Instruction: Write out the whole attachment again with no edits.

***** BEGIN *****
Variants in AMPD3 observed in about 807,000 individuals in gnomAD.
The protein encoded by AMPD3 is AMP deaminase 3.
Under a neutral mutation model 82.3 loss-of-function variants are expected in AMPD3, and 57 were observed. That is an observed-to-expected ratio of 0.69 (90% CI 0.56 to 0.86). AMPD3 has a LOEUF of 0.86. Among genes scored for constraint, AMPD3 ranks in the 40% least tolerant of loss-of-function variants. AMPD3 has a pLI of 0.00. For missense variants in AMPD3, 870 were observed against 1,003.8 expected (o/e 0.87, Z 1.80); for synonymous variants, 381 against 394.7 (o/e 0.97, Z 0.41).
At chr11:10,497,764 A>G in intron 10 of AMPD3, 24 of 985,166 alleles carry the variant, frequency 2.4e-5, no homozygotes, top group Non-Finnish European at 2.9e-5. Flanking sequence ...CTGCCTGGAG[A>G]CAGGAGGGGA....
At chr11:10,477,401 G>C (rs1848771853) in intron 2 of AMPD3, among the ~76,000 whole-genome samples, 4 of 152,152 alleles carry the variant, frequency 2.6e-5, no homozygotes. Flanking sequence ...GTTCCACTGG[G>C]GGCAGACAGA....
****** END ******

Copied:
Variants in AMPD3 observed in about 807,000 individuals in gnomAD.
The protein encoded by AMPD3 is AMP deaminase 3.
Under a neutral mutation model 82.3 loss-of-function variants are expected in AMPD3, and 57 were observed. That is an observed-to-expected ratio of 0.69 (90% CI 0.56 to 0.86). AMPD3 has a LOEUF of 0.86. Among genes scored for constraint, AMPD3 ranks in the 40% least tolerant of loss-of-function variants. AMPD3 has a pLI of 0.00. For missense variants in AMPD3, 870 were observed against 1,003.8 expected (o/e 0.87, Z 1.80); for synonymous variants, 381 against 394.7 (o/e 0.97, Z 0.41).
At chr11:10,497,764 A>G in intron 10 of AMPD3, 24 of 985,166 alleles carry the variant, frequency 2.4e-5, no homozygotes, top group Non-Finnish European at 2.9e-5. Flanking sequence ...CTGCCTGGAG[A>G]CAGGAGGGGA....
At chr11:10,477,401 G>C (rs1848771853) in intron 2 of AMPD3, among the ~76,000 whole-genome samples, 4 of 152,152 alleles carry the variant, frequency 2.6e-5, no homozygotes. Flanking sequence ...GTTCCACTGG[G>C]GGCAGACAGA....